If you have any questions, or if you’d like me to write about something in particular that relates to the topic of dating/friendship/other, please let me know!

Stay awesome!

Dominic (Aul)

Like me as a blogger? Like the way I write?

Believe me, my books are way better than this post. If you really want to see the best I can do, check out my fantasy/anime series “The Golden Lands”. The first volume is free as an eBook, or you can just read it in the form of “episodes” right here on my blog! Go to my page Embark on the Journey: Volume 1 Episodes for a complete list of episodes. I also post episodes every week, so look for them if you really want to experience the best I’ve got!

5 thoughts on “Obsessive Friendship: Who’s at the Center of Your Life?”

  1. Your post spoke directly into where I am in my own stage of life. Ever since prom finished two weeks ago, I have had the desire to grow a stronger relationship with my date and have fallen into the “exclusive friendship” trap that you discussed. I feel this deep obligation to hang out with her more than my other friends and it is just a very awkward situation. I had made it clear with her that I didn’t want to date until we were a few months out of high school, yet I treat our friendship almost with an obsessive isolation. I wanted to thank you for what you wrote today and I will work on allowing Christ to infiltrate my relationship with my prom date.

    Liked by 1 person

  2. Great job with tackling this subject! Job very well done. I am going through a situation where I am falling pretty hard for a friend of mine, but I don’t want our relationship to become obsessive because I fear that I will lose him as a friend. We hang out a lot, with and without other friends, but its not like it’s awkward or that only one of us wants to hang out all the time. We both make these plans and just follow through with them. I really just want to make sure that we are not turning out friendship into an obsessive one. Suggestions ?

    Liked by 1 person

    1. Hey there!
      Thanks! I’m glad you took away something from the post.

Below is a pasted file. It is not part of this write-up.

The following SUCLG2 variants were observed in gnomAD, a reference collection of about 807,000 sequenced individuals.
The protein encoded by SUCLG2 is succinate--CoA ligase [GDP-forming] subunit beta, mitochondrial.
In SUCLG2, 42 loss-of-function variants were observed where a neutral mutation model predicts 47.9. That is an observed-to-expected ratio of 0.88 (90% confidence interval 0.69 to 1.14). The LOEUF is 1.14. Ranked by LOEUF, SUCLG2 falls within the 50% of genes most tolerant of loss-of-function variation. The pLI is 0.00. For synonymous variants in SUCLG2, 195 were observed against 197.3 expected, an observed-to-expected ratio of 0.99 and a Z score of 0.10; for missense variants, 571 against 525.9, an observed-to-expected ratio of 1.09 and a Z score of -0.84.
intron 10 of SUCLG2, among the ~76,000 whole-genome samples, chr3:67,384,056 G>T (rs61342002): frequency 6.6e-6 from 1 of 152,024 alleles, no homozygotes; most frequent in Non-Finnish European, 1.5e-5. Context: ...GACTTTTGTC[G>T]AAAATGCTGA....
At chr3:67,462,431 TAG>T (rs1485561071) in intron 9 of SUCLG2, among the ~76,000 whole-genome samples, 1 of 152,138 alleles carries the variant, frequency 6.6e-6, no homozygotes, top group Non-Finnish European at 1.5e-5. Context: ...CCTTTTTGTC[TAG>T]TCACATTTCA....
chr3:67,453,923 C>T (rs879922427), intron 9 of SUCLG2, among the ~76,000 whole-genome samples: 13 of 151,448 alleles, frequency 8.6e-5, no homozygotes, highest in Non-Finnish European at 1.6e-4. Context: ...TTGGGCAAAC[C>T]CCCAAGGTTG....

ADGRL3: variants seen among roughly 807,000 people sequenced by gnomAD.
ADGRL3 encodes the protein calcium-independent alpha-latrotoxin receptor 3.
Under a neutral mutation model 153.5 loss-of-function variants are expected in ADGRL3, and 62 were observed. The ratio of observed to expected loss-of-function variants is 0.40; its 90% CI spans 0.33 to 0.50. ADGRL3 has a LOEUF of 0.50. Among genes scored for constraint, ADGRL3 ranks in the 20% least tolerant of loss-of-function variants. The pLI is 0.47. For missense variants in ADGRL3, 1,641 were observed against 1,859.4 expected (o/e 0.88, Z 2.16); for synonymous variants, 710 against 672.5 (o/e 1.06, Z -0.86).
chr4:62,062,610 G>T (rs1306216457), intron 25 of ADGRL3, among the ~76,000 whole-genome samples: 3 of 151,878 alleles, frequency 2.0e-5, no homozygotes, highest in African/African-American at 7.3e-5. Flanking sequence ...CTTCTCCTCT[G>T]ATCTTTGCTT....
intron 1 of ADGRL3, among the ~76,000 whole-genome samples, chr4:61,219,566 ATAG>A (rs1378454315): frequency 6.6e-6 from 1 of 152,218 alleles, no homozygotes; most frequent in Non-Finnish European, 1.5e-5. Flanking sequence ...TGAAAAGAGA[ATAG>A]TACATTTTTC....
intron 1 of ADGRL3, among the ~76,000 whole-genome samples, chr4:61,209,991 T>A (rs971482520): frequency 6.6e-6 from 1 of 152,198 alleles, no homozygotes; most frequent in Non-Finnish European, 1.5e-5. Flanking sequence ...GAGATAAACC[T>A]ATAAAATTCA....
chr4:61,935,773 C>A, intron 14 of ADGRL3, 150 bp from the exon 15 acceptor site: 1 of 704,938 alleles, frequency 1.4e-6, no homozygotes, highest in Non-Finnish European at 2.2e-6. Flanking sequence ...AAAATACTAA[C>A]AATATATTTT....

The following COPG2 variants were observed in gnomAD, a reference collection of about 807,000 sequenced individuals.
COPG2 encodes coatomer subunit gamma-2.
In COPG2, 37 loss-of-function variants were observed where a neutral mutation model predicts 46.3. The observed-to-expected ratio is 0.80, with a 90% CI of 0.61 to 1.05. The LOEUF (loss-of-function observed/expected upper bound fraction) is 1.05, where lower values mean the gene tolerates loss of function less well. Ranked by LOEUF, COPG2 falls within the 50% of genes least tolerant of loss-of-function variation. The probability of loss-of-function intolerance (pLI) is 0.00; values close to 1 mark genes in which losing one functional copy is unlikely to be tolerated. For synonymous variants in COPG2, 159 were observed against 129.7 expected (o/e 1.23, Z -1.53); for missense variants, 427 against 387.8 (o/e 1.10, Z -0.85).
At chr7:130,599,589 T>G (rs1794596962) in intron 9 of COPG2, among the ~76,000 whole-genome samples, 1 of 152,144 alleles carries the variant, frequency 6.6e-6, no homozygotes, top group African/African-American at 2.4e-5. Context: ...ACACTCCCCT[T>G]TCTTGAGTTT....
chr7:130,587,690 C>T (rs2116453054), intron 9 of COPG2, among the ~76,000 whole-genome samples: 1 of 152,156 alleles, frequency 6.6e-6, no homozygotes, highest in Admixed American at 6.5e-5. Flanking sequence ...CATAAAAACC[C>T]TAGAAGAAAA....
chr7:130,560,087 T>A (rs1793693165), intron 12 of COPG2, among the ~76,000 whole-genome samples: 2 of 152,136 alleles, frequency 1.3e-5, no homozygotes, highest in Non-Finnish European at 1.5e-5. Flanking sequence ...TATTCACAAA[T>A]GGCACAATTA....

Okay, I think I understand what you’re going through. I’m going through a very similar situation with a friend of mine too. I have a number of suggestions for you:

      1. Don’t set expectations for each other. What does that mean? In a way, that doesn’t EXACTLY make sense. If you’re friends with someone, or closer, of course you might expect things from each other (time, attention, care/concern, etc.) That makes sense…but relationships aren’t about expectations. And what’s more, if you’re trying to NOT have an obsessive relationship, you need to NOT set expectations for each other. You can’t set each other on a pedestal and be disappointed if the other person doesn’t live up to your expectations. Once again, like I said in the post, keep things in perspective. If you are friends, and you’re trying to be friends, then don’t set expectations that you would have if you were dating. That would be setting the other person on a pedestal.

      2. Watch your thoughts. Having an “obsessive friendship”, i think, largely arises from how you choose to VIEW someone. It has less to do with how you act towards a person…it’s mainly about how you train yourself to feel. So what do I mean by “watching” your thoughts? Try to get rid of any unnecessary daydreaming. Daydreaming, if we’re honest with ourselves, is really quite useless. It creates a false version of the person that you claim to love, in a false, overly perfect reality that we create, and daydreaming even fosters an unhealthy desire for control…like everything needs to work out the way you planned it in your daydream. All of that being said, don’t take this too far. You SHOULD be able to imagine yourself being happy with this person in the future. Deciding in your thoughts WHAT you want to happen is fine, but if you focus on HOW it happens, you can slip into obsessiveness.